London, March 8 : The results of a brain-scanning study suggest that impressionists visualise images of the people they mimic.
Sophie Scott, who led the study at the Institute of Cognitive Neuroscience at University College London, used an fMRI brain scanner to screen impressionist Duncan Wisbey's brain while he was repeating phrases in a variety of different voices-including that of actor Cary Grant and the British TV chef Anthony Worrall Thompson.
The accents impersonated by Wisbey also included "baleful Cockney" and "tired Australian".
Scott also asked Wisbey to repeat the same phrases in his own voice.
The researcher observed an increased activity in the parietal lobe, sensory motor strip and supplementary motor areas of Wisbey's brain when he was imitating others.
Scott said that all those areas were respectively involved in visual imagery, body representation and vocalisation.
"For basic speech production, his results are normal. The extra activities (when doing impressions) are in very plausible areas. These areas are known to be active in mental imagery tasks," New Scientist magazine quoted her as saying.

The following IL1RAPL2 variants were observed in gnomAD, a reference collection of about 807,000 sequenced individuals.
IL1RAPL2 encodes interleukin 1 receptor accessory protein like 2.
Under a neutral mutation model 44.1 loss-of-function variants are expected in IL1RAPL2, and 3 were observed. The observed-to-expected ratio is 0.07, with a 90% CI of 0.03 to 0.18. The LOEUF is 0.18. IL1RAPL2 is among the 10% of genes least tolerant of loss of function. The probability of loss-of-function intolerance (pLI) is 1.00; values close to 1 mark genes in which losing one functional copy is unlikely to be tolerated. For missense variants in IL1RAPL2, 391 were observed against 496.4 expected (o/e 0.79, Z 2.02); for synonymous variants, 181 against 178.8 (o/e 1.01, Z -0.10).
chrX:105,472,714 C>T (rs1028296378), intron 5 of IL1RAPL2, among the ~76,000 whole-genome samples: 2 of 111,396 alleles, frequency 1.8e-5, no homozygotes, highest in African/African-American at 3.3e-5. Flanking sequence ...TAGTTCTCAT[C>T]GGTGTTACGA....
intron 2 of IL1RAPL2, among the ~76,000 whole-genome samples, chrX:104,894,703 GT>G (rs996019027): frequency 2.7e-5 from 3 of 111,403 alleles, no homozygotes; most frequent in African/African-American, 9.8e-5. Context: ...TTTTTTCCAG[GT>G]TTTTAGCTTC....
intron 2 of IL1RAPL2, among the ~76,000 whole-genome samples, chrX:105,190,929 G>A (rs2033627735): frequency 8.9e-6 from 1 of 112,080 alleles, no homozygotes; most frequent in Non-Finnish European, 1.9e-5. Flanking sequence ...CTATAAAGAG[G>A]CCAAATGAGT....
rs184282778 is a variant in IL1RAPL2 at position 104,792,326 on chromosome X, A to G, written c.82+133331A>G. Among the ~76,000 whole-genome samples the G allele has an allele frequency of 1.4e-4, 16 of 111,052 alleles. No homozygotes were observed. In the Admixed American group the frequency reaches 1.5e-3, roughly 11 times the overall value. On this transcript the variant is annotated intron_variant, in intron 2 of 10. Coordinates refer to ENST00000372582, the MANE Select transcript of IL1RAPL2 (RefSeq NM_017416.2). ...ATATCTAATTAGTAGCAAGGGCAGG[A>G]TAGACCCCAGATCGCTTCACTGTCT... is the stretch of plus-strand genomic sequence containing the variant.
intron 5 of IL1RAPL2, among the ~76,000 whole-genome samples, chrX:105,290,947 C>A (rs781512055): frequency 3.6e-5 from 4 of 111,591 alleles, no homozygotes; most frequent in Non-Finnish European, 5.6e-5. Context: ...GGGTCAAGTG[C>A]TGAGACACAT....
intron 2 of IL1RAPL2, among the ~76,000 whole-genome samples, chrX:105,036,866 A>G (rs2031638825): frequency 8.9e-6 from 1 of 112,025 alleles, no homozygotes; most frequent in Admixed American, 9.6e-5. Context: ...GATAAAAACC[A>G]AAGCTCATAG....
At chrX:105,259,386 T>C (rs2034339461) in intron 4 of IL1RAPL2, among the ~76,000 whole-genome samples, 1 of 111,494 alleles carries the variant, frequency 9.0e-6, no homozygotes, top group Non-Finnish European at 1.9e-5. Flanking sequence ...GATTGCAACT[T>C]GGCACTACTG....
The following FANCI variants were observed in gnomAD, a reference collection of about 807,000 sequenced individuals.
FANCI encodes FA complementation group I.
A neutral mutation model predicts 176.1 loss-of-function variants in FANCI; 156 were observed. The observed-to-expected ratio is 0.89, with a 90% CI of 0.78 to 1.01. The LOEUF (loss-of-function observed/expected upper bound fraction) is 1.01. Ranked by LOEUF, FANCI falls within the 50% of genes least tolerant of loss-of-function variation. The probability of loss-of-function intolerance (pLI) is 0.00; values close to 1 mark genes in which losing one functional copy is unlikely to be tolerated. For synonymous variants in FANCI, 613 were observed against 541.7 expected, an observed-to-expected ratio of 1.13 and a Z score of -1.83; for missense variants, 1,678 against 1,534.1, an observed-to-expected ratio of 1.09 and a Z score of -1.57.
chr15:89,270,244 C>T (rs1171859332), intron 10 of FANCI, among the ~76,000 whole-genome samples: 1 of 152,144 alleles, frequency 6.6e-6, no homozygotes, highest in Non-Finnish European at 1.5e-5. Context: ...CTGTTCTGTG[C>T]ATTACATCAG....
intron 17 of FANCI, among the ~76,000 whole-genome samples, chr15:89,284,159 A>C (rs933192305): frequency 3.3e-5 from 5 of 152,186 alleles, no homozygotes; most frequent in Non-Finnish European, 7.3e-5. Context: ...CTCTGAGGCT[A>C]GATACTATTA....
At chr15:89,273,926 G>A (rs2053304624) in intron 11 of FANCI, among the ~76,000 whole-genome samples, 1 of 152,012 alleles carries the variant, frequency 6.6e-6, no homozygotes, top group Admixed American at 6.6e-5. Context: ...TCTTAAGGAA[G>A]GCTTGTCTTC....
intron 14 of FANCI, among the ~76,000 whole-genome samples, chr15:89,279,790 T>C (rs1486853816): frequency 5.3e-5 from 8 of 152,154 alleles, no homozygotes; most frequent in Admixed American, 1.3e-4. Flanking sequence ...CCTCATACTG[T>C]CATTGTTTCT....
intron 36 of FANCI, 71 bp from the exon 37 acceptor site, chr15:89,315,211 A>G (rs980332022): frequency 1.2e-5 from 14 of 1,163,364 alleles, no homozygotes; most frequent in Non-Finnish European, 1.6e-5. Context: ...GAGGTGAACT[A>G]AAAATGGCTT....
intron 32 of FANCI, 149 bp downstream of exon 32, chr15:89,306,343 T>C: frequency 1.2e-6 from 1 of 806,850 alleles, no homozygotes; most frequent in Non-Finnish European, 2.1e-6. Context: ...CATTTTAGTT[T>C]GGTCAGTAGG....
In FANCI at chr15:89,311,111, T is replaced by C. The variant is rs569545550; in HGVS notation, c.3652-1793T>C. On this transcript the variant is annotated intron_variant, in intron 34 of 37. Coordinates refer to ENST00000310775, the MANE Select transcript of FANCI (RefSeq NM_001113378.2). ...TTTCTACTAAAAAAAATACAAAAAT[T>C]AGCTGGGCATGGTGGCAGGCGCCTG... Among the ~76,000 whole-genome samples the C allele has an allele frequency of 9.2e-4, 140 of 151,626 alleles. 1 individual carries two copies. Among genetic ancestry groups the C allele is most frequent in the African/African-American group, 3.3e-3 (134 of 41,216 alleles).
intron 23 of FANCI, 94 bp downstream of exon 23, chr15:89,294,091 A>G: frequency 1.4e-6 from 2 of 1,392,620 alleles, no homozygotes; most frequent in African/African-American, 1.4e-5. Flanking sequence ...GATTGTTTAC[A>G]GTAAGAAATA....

Based on her observations, Scott came to the conclusion that Wisbey was using visual images to imagine the people he was imitating, including their mannerisms, and all that guided his impressions.
Interestingly, Scott's suggestion matched up with Wisbey's own description of how he did impressions.
Telling about how he mimicked Anthony Worrall Thompson, Wisbey said: "(I create) a constriction of the neck, and I'm actually pushing the shoulders upwards and pushing my head down. My lower lip is protruding forwards, but I'm doing a sort of smile - just like the Joker from Batman."
Matt Davis, a speech and language researcher at the MRC Cognition and Brain Sciences Unit in Cambridge, hailed Scott's study as "interesting".
He, however, stressed the need to study more impressionists, saying that they might be using different techniques.
"It might be that Wisbey achieves his skill in a distinctive way," he said.
Scott is now recruiting other voice artists and impressionists to undergo the same procedure.
She and Wisbey will be presenting the results as part of a talk for Brain Awareness Week on 11 March.